​​​​Because humor is funnier when you know it's true.

Cloth Diapers, Cats & Parenthood: Part Two – Cat Adoption

Known across nations as “the Winky Apopoclipse,” l’événement tragique in part one of this trilogy demonstrated my unfitness for human parenthood, but pointed to cat adoption as a possible road to mommyhood.

An ego-destroying spiral into hell, this thwarted experience as a diaper-changing aunt was followed by a madcap pursuit of three careers and two master’s degrees. Capped off by “the wedding of the century,” marriage to my Donnee, the man of my dreams.

We were 90 years old at the time.

Ha! Ha! Made you look!

The Mysteries of Cat Adoption
It all began one dark and windy December night in 2016. Mighty gusts were bending and breaking the oaks and maples in ‘Burbia, the land that time forgot. Whooo…Whoooo…Whooooo…..Walls were shaking, china teacups were rattling, and eerie, ghostlike moans wafted their way up and down the streets, like a cabal of coyotes seeking respite from the impending storm.

Suddenly there was a rappa-tappa-tappa on the door. “Who could it be,” I wondered. “The Ghost of Christmas Past? The Phantom of the Opera?” Slinking her way silently toward our front door, I spied a lone woman, quite disheveled, holding two cat carriers in each hand.

“This bizarre creature has the strength of Polyphemus, the One-Eyed Cyclops,” I noted while observing her outfit — striped polyester pull-on pants with matching top and Birkenstocks with sox. It soon became clear, however, that she was not a ghost, phantom or giant, but one of the witches in Macbeth, Myra, Sylvia or Edith. I immediately concluded that she was Myra, the eldest witch and the only one with a PayPal account.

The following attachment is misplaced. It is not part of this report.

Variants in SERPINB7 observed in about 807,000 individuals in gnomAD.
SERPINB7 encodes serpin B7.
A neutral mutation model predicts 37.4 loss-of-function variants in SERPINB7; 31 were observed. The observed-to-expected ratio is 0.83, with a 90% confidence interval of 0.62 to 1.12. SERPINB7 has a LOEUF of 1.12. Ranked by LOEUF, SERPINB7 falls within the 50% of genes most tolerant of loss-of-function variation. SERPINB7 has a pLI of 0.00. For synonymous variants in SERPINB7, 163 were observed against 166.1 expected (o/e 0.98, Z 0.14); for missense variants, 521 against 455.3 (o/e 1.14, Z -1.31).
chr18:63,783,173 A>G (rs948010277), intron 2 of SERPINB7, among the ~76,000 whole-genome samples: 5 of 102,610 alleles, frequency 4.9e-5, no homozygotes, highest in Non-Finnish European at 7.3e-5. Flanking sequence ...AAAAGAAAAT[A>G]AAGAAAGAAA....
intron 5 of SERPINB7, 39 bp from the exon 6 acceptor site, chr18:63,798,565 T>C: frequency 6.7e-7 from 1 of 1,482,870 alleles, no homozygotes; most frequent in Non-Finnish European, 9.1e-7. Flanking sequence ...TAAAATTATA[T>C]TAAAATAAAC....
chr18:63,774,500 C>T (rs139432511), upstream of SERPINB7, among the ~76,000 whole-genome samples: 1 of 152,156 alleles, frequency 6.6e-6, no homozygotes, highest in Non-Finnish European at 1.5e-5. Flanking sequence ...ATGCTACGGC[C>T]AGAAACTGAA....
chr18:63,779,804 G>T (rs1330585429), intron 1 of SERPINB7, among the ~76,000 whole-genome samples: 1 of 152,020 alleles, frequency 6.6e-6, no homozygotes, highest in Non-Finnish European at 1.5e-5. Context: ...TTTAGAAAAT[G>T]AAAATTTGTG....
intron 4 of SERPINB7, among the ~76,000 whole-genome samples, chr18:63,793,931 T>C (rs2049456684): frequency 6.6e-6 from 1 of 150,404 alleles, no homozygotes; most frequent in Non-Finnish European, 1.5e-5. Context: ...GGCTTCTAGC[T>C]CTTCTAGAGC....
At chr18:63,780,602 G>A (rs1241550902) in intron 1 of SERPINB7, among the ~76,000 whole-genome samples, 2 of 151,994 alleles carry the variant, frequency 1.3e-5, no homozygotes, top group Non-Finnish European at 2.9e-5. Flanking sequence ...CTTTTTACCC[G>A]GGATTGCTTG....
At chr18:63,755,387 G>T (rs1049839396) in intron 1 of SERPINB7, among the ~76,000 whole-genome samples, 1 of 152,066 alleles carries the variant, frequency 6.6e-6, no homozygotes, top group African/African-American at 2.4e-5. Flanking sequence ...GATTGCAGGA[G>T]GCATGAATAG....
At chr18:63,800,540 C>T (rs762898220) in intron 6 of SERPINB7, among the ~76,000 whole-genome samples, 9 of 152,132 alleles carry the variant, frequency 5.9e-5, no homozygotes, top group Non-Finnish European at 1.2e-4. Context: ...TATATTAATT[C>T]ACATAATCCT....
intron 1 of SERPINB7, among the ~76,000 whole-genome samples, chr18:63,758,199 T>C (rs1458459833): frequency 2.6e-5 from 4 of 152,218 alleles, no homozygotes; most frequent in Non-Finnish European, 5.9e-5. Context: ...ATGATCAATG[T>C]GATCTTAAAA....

Me: “Donneeeeee, there’s a witch at the door. Come here right now and hit her with a broom!”
Myra: “Do not speak in the street by day what you have heard in the woods by night.”                      Me: “Excusé moi?”
Myra: “Do not speak by sunlight what you have learned by moonlight.”
Me: “Donneeeeee, pour boiling water on her and stick some garlic between her teeth! Quick!!”
Myra: “When shall we three meet again? In thunder, lightning, or in rain?”
Donnee: “Let her in! That’s Sad Patty, the cat lady. I invited her to visit.”

So the man I had mistakenly married had, without checking my wants, needs, musts, shoulds and coulds, invited Sad Patty to bring a herd of cats for a play date and possible cat adoption.

By us.

As if these back-stabbing shenanigans weren’t bad enough, good ol’ Sad Patty was one weird dudette. The whole time she was in our house she spoke only in Shakespeare, making it desperately difficult to move the conversation along.

Me: “Sad Patty, would you care for a cup of coffee?”
Sad Patty: “Double, double toil and trouble; fire burn, and cauldron bubble.”
Me: “Um, I’ll take that as a ‘no’. Here, why don’t you sit down and make yourself comfy?”
Sad Patty: “Out, damned spot! out, I say!”

It turned out that, in addition to being weirder than hell, she was rude, making it a point to notice the spaghetti stain on our sofa. Plus, Sad Patty kept wandering around the living room, scooping up errant dust balls and putting them in her pocket. Saving them for a rainy day? “Sad Patty is a cat adoption social worker,” my Donnee explained.

“Ha!” I snarled, loud enough for Sad Patty to hear. “I think she’s casing the joint, using cat adoption as her cover. Or maybe carrying cats around in boxes is her cash-only side gig.” Anyhooeth, this social worker/cat lady/home intrusion specialist then released the first cat pair. 

The Other Cat

One of them, Duncan, was huge. He kept humping my ankles: left ankle: hump. Right ankle: hump. Left/right/left/right. Hump, hump hump. I recall finding this rather soothing and a tad bit exciting. Hmmm…

The other cat, whose name I can’t recall, sat in one place, lump-like, during nearly the entire visit. She had no apparent personality. But in a good way. (I’m trying to be nice.) I did notice, though, that she seemed quite attached to Duncan. I say this because, midway through our play date, she gathered herself up from the carpet, climbed onto Duncan’s head while he sat on our ottoman, and fell into a deep, deep sleep.

We then met sisters Duchess and Jasmine. Unlike passive puss and humpy Duncky, these kiddos seemed to have something going on up there in the cerebral cortex.

Like, if you knocked, someone would be home.